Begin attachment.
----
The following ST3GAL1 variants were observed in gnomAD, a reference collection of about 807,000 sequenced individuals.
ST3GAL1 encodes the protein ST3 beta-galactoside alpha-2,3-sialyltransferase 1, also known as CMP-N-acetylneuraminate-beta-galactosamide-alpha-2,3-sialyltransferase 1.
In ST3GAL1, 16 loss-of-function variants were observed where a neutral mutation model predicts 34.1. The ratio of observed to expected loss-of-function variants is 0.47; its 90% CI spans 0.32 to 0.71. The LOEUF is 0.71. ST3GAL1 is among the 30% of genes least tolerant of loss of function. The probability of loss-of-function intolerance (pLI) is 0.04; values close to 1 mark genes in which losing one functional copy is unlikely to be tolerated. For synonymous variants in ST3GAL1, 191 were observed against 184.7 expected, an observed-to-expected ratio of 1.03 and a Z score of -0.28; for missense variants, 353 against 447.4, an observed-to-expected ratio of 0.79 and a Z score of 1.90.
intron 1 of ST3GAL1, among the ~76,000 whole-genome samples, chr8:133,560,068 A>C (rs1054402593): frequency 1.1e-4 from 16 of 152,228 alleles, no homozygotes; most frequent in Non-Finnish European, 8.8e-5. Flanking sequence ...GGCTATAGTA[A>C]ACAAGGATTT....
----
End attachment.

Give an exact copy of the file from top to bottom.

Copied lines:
The following ST3GAL1 variants were observed in gnomAD, a reference collection of about 807,000 sequenced individuals.
ST3GAL1 encodes the protein ST3 beta-galactoside alpha-2,3-sialyltransferase 1, also known as CMP-N-acetylneuraminate-beta-galactosamide-alpha-2,3-sialyltransferase 1.
In ST3GAL1, 16 loss-of-function variants were observed where a neutral mutation model predicts 34.1. The ratio of observed to expected loss-of-function variants is 0.47; its 90% CI spans 0.32 to 0.71. The LOEUF is 0.71. ST3GAL1 is among the 30% of genes least tolerant of loss of function. The probability of loss-of-function intolerance (pLI) is 0.04; values close to 1 mark genes in which losing one functional copy is unlikely to be tolerated. For synonymous variants in ST3GAL1, 191 were observed against 184.7 expected, an observed-to-expected ratio of 1.03 and a Z score of -0.28; for missense variants, 353 against 447.4, an observed-to-expected ratio of 0.79 and a Z score of 1.90.
intron 1 of ST3GAL1, among the ~76,000 whole-genome samples, chr8:133,560,068 A>C (rs1054402593): frequency 1.1e-4 from 16 of 152,228 alleles, no homozygotes; most frequent in Non-Finnish European, 8.8e-5. Flanking sequence ...GGCTATAGTA[A>C]ACAAGGATTT....